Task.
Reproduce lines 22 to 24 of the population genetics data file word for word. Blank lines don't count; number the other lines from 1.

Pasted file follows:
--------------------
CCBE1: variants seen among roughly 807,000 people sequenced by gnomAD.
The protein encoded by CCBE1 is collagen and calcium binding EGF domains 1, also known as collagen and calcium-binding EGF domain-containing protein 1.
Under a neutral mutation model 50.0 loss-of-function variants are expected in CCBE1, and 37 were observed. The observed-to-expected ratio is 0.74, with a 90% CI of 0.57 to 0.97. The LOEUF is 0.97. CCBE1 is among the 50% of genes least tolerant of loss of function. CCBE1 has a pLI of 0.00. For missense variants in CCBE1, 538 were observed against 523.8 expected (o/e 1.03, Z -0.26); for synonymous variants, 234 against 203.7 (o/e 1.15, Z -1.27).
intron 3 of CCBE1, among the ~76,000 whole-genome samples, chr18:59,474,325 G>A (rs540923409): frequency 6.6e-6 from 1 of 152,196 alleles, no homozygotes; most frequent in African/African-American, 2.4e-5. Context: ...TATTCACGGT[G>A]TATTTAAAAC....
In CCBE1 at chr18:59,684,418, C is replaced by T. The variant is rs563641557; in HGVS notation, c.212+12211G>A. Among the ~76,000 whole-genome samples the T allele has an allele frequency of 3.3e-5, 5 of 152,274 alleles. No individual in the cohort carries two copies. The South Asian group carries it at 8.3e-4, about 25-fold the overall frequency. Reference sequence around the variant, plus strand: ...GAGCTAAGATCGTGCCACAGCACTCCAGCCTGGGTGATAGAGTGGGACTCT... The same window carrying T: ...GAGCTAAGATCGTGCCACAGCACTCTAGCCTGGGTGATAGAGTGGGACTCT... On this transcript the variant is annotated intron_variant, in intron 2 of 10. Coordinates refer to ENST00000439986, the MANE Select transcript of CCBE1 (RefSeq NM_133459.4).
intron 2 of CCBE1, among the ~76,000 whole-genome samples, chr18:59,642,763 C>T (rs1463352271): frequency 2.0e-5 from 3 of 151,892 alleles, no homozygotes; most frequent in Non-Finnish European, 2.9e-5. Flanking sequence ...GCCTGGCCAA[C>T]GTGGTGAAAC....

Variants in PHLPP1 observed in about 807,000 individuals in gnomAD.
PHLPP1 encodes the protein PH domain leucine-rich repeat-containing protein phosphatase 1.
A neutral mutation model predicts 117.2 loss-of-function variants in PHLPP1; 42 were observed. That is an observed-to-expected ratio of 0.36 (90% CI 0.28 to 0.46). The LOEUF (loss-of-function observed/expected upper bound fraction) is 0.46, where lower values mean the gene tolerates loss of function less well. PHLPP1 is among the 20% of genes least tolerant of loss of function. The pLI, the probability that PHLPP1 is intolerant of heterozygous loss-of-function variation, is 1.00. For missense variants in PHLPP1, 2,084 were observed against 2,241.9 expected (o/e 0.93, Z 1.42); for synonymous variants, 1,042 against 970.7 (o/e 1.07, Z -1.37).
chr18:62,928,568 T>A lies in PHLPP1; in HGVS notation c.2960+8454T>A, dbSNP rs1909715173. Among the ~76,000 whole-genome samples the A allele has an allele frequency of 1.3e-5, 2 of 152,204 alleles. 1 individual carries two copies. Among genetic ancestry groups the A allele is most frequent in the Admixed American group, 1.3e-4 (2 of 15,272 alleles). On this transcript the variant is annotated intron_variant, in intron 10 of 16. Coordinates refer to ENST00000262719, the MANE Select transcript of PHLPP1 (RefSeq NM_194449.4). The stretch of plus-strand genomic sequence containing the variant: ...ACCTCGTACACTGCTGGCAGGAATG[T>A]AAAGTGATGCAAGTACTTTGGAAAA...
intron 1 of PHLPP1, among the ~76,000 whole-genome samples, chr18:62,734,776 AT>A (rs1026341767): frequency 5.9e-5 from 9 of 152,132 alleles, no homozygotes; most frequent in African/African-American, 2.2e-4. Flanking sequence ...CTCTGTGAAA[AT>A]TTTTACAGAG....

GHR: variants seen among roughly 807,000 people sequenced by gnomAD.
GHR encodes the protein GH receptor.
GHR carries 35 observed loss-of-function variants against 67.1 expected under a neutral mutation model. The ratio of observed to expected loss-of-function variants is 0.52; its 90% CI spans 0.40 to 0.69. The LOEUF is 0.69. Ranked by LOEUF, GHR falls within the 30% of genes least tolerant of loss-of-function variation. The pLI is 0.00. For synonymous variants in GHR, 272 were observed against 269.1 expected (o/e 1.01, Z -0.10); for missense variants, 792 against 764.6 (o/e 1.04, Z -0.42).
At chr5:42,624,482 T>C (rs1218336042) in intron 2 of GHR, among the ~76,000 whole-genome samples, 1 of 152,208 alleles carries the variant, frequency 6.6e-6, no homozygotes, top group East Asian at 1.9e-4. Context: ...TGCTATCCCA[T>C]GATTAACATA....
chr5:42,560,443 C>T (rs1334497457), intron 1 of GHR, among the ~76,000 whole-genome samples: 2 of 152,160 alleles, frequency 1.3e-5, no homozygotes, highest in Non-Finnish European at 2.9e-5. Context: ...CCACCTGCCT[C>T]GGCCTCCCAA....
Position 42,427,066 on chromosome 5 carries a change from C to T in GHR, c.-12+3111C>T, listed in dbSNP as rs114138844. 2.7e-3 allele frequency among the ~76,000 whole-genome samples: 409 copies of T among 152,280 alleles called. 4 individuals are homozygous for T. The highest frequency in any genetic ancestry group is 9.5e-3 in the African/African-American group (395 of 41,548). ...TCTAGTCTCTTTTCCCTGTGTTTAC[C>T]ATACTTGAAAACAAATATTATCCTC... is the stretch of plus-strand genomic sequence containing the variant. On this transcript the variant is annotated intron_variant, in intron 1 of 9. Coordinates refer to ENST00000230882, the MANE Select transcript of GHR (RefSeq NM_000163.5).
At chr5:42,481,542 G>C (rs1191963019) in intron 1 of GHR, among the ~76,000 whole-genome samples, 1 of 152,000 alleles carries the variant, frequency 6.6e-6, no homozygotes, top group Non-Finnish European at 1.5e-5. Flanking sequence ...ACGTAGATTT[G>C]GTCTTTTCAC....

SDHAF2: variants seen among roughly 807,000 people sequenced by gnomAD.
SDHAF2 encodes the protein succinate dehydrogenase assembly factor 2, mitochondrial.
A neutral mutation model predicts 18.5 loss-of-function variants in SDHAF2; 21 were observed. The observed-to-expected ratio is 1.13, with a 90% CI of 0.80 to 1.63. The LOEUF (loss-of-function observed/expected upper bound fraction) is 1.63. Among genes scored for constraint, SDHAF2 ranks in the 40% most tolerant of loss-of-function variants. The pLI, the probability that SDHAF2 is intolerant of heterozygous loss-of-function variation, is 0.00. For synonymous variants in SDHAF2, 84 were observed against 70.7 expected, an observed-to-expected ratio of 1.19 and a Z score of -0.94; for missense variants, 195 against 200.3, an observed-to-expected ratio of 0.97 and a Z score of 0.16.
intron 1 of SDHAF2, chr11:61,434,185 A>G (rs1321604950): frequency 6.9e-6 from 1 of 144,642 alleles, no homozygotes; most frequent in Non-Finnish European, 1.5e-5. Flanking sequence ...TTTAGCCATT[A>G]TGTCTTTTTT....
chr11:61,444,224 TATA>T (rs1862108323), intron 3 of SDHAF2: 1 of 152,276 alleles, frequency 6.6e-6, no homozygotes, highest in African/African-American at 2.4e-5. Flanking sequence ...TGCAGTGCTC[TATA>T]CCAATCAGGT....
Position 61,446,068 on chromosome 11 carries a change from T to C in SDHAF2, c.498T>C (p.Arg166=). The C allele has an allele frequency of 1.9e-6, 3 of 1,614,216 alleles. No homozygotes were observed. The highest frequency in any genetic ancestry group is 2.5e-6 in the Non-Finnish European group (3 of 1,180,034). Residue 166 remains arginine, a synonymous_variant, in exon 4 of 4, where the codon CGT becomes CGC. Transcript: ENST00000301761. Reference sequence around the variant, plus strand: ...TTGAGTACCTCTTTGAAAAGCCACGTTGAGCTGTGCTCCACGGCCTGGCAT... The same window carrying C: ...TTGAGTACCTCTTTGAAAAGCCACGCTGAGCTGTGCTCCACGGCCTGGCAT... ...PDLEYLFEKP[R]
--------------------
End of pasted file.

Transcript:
intron 1 of SDHAF2, chr11:61,434,185 A>G (rs1321604950): frequency 6.9e-6 from 1 of 144,642 alleles, no homozygotes; most frequent in Non-Finnish European, 1.5e-5. Flanking sequence ...TTTAGCCATT[A>G]TGTCTTTTTT....
chr11:61,444,224 TATA>T (rs1862108323), intron 3 of SDHAF2: 1 of 152,276 alleles, frequency 6.6e-6, no homozygotes, highest in African/African-American at 2.4e-5. Flanking sequence ...TGCAGTGCTC[TATA>T]CCAATCAGGT....
Position 61,446,068 on chromosome 11 carries a change from T to C in SDHAF2, c.498T>C (p.Arg166=). The C allele has an allele frequency of 1.9e-6, 3 of 1,614,216 alleles. No homozygotes were observed. The highest frequency in any genetic ancestry group is 2.5e-6 in the Non-Finnish European group (3 of 1,180,034). Residue 166 remains arginine, a synonymous_variant, in exon 4 of 4, where the codon CGT becomes CGC. Transcript: ENST00000301761. Reference sequence around the variant, plus strand: ...TTGAGTACCTCTTTGAAAAGCCACGTTGAGCTGTGCTCCACGGCCTGGCAT... The same window carrying C: ...TTGAGTACCTCTTTGAAAAGCCACGCTGAGCTGTGCTCCACGGCCTGGCAT... ...PDLEYLFEKP[R]